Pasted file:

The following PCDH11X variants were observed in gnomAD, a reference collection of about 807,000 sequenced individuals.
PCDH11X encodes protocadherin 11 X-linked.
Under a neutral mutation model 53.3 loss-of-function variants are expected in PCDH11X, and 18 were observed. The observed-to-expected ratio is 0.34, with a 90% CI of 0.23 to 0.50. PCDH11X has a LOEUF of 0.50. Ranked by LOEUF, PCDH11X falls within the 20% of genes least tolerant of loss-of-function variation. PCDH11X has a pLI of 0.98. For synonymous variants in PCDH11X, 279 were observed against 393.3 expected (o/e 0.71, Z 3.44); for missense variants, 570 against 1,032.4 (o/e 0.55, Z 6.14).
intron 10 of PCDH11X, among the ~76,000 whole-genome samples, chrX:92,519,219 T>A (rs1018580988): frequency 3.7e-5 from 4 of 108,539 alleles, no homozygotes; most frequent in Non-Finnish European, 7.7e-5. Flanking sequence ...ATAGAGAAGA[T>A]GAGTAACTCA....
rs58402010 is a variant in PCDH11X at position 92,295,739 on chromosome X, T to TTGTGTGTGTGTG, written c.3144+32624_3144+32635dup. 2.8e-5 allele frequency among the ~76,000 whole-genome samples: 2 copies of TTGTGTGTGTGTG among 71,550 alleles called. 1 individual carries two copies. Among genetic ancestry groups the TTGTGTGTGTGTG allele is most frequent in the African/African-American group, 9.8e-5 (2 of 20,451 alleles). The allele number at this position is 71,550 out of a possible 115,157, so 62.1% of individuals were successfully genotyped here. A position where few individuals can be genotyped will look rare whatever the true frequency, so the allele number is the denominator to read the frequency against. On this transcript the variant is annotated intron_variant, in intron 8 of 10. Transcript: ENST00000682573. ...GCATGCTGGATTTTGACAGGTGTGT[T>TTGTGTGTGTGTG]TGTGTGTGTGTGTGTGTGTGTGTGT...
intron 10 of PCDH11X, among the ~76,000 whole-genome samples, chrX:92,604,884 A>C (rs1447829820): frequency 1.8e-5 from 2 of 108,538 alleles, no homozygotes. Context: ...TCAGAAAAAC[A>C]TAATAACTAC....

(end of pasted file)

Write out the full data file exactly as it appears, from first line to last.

The following PCDH11X variants were observed in gnomAD, a reference collection of about 807,000 sequenced individuals.
PCDH11X encodes protocadherin 11 X-linked.
Under a neutral mutation model 53.3 loss-of-function variants are expected in PCDH11X, and 18 were observed. The observed-to-expected ratio is 0.34, with a 90% CI of 0.23 to 0.50. PCDH11X has a LOEUF of 0.50. Ranked by LOEUF, PCDH11X falls within the 20% of genes least tolerant of loss-of-function variation. PCDH11X has a pLI of 0.98. For synonymous variants in PCDH11X, 279 were observed against 393.3 expected (o/e 0.71, Z 3.44); for missense variants, 570 against 1,032.4 (o/e 0.55, Z 6.14).
intron 10 of PCDH11X, among the ~76,000 whole-genome samples, chrX:92,519,219 T>A (rs1018580988): frequency 3.7e-5 from 4 of 108,539 alleles, no homozygotes; most frequent in Non-Finnish European, 7.7e-5. Flanking sequence ...ATAGAGAAGA[T>A]GAGTAACTCA....
rs58402010 is a variant in PCDH11X at position 92,295,739 on chromosome X, T to TTGTGTGTGTGTG, written c.3144+32624_3144+32635dup. 2.8e-5 allele frequency among the ~76,000 whole-genome samples: 2 copies of TTGTGTGTGTGTG among 71,550 alleles called. 1 individual carries two copies. Among genetic ancestry groups the TTGTGTGTGTGTG allele is most frequent in the African/African-American group, 9.8e-5 (2 of 20,451 alleles). The allele number at this position is 71,550 out of a possible 115,157, so 62.1% of individuals were successfully genotyped here. A position where few individuals can be genotyped will look rare whatever the true frequency, so the allele number is the denominator to read the frequency against. On this transcript the variant is annotated intron_variant, in intron 8 of 10. Transcript: ENST00000682573. ...GCATGCTGGATTTTGACAGGTGTGT[T>TTGTGTGTGTGTG]TGTGTGTGTGTGTGTGTGTGTGTGT...
intron 10 of PCDH11X, among the ~76,000 whole-genome samples, chrX:92,604,884 A>C (rs1447829820): frequency 1.8e-5 from 2 of 108,538 alleles, no homozygotes. Context: ...TCAGAAAAAC[A>C]TAATAACTAC....